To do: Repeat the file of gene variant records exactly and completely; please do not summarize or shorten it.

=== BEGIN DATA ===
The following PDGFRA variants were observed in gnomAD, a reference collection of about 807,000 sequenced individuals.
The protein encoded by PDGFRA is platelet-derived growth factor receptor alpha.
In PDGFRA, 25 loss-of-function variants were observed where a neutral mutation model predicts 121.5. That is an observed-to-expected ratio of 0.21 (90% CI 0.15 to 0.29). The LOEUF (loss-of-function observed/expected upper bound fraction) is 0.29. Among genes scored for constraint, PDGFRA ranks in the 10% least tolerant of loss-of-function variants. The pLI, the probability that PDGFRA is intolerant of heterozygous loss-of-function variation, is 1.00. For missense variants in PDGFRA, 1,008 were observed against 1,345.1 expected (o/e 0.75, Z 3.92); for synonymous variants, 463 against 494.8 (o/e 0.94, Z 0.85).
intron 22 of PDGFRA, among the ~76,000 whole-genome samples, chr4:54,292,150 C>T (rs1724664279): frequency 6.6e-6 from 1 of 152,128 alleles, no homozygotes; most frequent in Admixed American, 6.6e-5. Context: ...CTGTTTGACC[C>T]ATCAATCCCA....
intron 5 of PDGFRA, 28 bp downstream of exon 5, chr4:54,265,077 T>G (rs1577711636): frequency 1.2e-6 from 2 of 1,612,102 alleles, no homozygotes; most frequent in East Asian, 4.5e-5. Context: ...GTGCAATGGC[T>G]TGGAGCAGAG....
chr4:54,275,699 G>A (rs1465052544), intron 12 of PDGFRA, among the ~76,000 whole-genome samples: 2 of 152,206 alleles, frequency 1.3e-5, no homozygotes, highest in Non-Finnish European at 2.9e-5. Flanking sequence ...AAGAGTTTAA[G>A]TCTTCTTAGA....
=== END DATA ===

The following PDGFRA variants were observed in gnomAD, a reference collection of about 807,000 sequenced individuals.
The protein encoded by PDGFRA is platelet-derived growth factor receptor alpha.
In PDGFRA, 25 loss-of-function variants were observed where a neutral mutation model predicts 121.5. That is an observed-to-expected ratio of 0.21 (90% CI 0.15 to 0.29). The LOEUF (loss-of-function observed/expected upper bound fraction) is 0.29. Among genes scored for constraint, PDGFRA ranks in the 10% least tolerant of loss-of-function variants. The pLI, the probability that PDGFRA is intolerant of heterozygous loss-of-function variation, is 1.00. For missense variants in PDGFRA, 1,008 were observed against 1,345.1 expected (o/e 0.75, Z 3.92); for synonymous variants, 463 against 494.8 (o/e 0.94, Z 0.85).
intron 22 of PDGFRA, among the ~76,000 whole-genome samples, chr4:54,292,150 C>T (rs1724664279): frequency 6.6e-6 from 1 of 152,128 alleles, no homozygotes; most frequent in Admixed American, 6.6e-5. Context: ...CTGTTTGACC[C>T]ATCAATCCCA....
intron 5 of PDGFRA, 28 bp downstream of exon 5, chr4:54,265,077 T>G (rs1577711636): frequency 1.2e-6 from 2 of 1,612,102 alleles, no homozygotes; most frequent in East Asian, 4.5e-5. Context: ...GTGCAATGGC[T>G]TGGAGCAGAG....
chr4:54,275,699 G>A (rs1465052544), intron 12 of PDGFRA, among the ~76,000 whole-genome samples: 2 of 152,206 alleles, frequency 1.3e-5, no homozygotes, highest in Non-Finnish European at 2.9e-5. Flanking sequence ...AAGAGTTTAA[G>A]TCTTCTTAGA....